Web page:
We read this contemporary collection of short stories (2019) for our book club. Kali Fajado-Anstine’s stories feature narratives of Latina and Native American women in Colorado, mostly in Denver. Though none of the stories explicitly share characters, they are set in the same world and capture the same tragic sense of being let down by the antiquated promise of the American West. Her characters wrestle with poverty, domestic violence, gentrification, death & illness, and more — often with grace and humanity.

As a native Californian, I’ve definitely internalized the belief that the West is imbued with a certain opportunity for…


“What’s your favorite book?”

For the last few years, my answer to this difficult question has been Love in the Time of Cholera, which I read in college. Recently, I realized that I could no longer precisely remember why I had loved the book so much. I’ve read so many wonderful books recently that I needed to verify that this was still my favorite. Upon re-reading this intense love story infused with magical realism, I was reminded of my younger, naïvely romantic self. I see why this book spoke so directly to me then, but I also see how much…


I found this book in a “Free books” bin that Lydia and I walked past. I have yet to read any of Rilke’s poetry, but after reading Letters to a Young Poet, I am quite eager to. In the first decade of the 20th century, a young Franz Kappus reached out to the popular poet Rilke for advice. The ten letters that Rilke wrote in response are gathered in this collection. Because the letters to Rilke are omited, this work felt like the poet was speaking directly to me as the reader. …


I first heard about Rachel Held Evans on the NYTimes Daily Podcast in light of her sudden death at age 37. She, through her blog and writing, spoke directly to people like me — people who were raised in but now feel estranged from the church. We feel estranged for a variety of reasons: conflicting ideas of what’s true, socio-political differences, unanswerable doubts, and more. And yet, we cannot deny that at the root of faith there is a tiny something that seems divine. Even if most of what we humans do is selfish, unjust, and in error, something deep…


Saunders’ debut collection, CivilWarLand in Bad Decline (1996), is not as masterful or charged with emotion as his later works like Tenth of December or Lincoln in the Bardo. However, it was great to recognize the seeds of the author’s future prowess in this less-polished early effort. This collection of stories was very dark, which was fitting because I read most of it during our power outage. The premises of the stories were incredibly creative — the title story takes place in a Civil War reenactment facility, a setting already laden with meaning and satire. …


This is the first novel I’ve read this year that was originally written in another language. Even when considering only books written in English, I am overwhelmed by all the books I have yet to read — so it’s bewildering to consider that every country has its own contemporary writers, publishing novels from their specific perspectives. It’s exciting to consider the unbounded nature of our collective human imagination. I hope that by reading some novels originally written in other languages, I can broaden my understanding of recent Literature.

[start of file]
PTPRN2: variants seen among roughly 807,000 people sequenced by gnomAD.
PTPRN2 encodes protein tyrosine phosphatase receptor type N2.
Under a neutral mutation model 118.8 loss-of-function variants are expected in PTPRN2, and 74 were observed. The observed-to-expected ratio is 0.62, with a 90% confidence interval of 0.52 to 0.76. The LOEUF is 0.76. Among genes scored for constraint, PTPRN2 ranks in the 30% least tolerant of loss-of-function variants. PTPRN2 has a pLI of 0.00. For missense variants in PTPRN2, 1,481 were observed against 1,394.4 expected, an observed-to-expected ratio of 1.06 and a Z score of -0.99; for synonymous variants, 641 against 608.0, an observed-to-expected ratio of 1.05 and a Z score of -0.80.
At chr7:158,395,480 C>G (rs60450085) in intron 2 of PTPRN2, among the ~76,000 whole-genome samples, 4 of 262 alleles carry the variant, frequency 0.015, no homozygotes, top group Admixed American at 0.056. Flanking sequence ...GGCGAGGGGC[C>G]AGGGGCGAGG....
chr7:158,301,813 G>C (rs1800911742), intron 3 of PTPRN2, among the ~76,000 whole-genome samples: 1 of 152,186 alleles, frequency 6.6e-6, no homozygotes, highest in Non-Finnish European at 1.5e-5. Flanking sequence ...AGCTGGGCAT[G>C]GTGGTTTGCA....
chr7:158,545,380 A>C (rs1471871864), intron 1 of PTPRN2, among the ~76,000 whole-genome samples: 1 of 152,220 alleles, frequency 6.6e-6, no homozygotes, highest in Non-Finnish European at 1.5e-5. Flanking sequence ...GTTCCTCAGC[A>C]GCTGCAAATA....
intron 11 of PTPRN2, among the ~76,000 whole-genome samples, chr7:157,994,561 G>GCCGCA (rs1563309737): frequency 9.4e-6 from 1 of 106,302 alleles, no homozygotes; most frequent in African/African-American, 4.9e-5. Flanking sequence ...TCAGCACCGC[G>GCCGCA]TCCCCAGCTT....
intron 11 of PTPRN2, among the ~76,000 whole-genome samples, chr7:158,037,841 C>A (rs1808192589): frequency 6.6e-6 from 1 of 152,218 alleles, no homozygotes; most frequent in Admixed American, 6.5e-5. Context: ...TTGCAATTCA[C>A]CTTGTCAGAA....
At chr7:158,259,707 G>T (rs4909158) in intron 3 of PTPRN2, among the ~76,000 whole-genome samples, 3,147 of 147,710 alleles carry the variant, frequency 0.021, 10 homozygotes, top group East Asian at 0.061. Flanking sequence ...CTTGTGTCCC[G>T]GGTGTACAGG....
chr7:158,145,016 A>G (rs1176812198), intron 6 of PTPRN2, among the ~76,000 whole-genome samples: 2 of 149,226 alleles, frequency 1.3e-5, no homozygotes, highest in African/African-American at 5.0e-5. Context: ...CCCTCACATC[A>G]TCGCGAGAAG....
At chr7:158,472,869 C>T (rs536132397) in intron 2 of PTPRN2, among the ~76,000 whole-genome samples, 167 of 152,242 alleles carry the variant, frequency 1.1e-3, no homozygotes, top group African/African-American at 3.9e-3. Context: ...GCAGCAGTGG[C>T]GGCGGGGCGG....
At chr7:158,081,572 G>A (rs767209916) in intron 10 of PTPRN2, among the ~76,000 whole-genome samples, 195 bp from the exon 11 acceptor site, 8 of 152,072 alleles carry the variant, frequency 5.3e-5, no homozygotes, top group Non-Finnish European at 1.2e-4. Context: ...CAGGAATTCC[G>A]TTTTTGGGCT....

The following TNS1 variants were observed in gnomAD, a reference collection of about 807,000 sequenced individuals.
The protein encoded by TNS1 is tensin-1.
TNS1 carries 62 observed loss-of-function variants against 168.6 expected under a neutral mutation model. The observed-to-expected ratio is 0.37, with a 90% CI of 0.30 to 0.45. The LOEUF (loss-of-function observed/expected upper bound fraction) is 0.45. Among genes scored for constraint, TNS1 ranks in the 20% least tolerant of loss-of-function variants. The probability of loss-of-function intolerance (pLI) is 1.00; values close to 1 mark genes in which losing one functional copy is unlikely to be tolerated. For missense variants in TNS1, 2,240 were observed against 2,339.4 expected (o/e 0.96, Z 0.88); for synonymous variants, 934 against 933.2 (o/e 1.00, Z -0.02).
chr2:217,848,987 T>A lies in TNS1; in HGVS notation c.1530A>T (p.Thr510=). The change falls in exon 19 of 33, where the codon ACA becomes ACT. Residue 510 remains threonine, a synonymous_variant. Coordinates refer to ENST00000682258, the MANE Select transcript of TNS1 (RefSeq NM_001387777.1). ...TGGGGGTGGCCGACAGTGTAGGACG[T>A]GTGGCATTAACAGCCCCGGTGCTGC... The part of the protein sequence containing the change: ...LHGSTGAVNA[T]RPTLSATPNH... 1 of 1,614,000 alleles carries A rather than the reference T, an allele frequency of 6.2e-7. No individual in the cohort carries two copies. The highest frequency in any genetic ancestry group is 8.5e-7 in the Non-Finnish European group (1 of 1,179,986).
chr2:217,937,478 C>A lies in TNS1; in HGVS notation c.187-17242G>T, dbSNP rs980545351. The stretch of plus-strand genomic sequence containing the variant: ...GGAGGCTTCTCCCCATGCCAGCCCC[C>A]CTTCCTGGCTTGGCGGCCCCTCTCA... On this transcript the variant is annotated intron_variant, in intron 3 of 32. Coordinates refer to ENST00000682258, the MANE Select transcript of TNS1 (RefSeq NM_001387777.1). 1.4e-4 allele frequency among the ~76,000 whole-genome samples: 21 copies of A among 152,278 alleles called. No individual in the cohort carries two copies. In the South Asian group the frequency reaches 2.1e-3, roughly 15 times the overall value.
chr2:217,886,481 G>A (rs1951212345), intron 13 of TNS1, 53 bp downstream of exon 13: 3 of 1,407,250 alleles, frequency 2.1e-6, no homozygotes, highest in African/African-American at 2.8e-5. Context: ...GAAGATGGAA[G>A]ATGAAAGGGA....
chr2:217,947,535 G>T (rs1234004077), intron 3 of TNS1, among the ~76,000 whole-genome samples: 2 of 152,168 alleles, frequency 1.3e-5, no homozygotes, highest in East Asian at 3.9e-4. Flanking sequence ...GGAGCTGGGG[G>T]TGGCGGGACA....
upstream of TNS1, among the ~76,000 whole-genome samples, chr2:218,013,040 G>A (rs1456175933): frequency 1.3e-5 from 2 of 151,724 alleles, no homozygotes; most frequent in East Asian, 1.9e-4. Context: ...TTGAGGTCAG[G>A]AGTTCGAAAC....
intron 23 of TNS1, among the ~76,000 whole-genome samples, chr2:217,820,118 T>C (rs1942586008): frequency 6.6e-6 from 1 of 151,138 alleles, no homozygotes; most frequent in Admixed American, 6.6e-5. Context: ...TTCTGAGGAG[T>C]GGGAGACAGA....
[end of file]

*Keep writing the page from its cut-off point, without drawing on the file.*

In the news recently, we‘ve seen many photos of Black Americans whose lives were taken by police officers. Their names include but are not limited to Laquan McDonald, Tamir Rice, Breonna Taylor, Atatiana Jefferson, Bettie Jones, Trayvon Martin, Ahmaud Arbery, Michael Brown, Terence Crutcher, Eric Garner, George Floyd, Oscar Grant, Freddie Gray, and Botham Jean. When I see their photos, it is difficult for me to wrap my head around the enormity of it all: their complex inner lives, the many relationships they had, the experiences that made them who they were, and the institutionalized racism that killed them. …


For the months of July and August, I’ll be living at my childhood home in San Jose with my entire family: my parents, my four younger siblings, and my grandpa. In what may prove to be a silver lining of this COVID-induced world of uncertainty, we are getting a chance to live together as a family again for, perhaps, the last time. The weight of this “final opportunity” is amplified by the pandemic that induced it, a pandemic that is reminding us how ephemeral life is. …


Whoa. This book was bonkers. We read this with our book club and had much to discuss: the almost unfathomable premise (to use medication to try and sleep for an entire year), the loathsomeness of the main character, the spectrum of feelings we had in reading this book against the backdrop of current events. We wondered what Moshfegh’s other works were like because this one was so out there. We found the book to be despicable in many ways — our ultimate verdict on the book hinges on whether the writer did this intentionally (super badass) or unintentionally (eek). …


This novella is a tiny peek into the world of Auri, a minor character in the Kingkiller Chronicles (my reviews). Rothfuss writes two letters to the reader that bookend the novella and serve as asterisks. He warns the reader that this work is bizarre, unconventional, and ephemeral — much like Auri herself.

I found The Slow Regard of Silent Things to be a beautiful, intriguing description of Auri’s world. To call it a “story” would be a little misleading as the narrative doesn’t move in the same linear way as we, as readers, expect from a “story.” Instead, much like…

Michael “MK” Kim

Trying to figure out who I am so that I’ll, one day, be able to write “a short bio”

Get the Medium app

A button that says 'Download on the App Store', and if clicked it will lead you to the iOS App store
A button that says 'Get it on, Google Play', and if clicked it will lead you to the Google Play store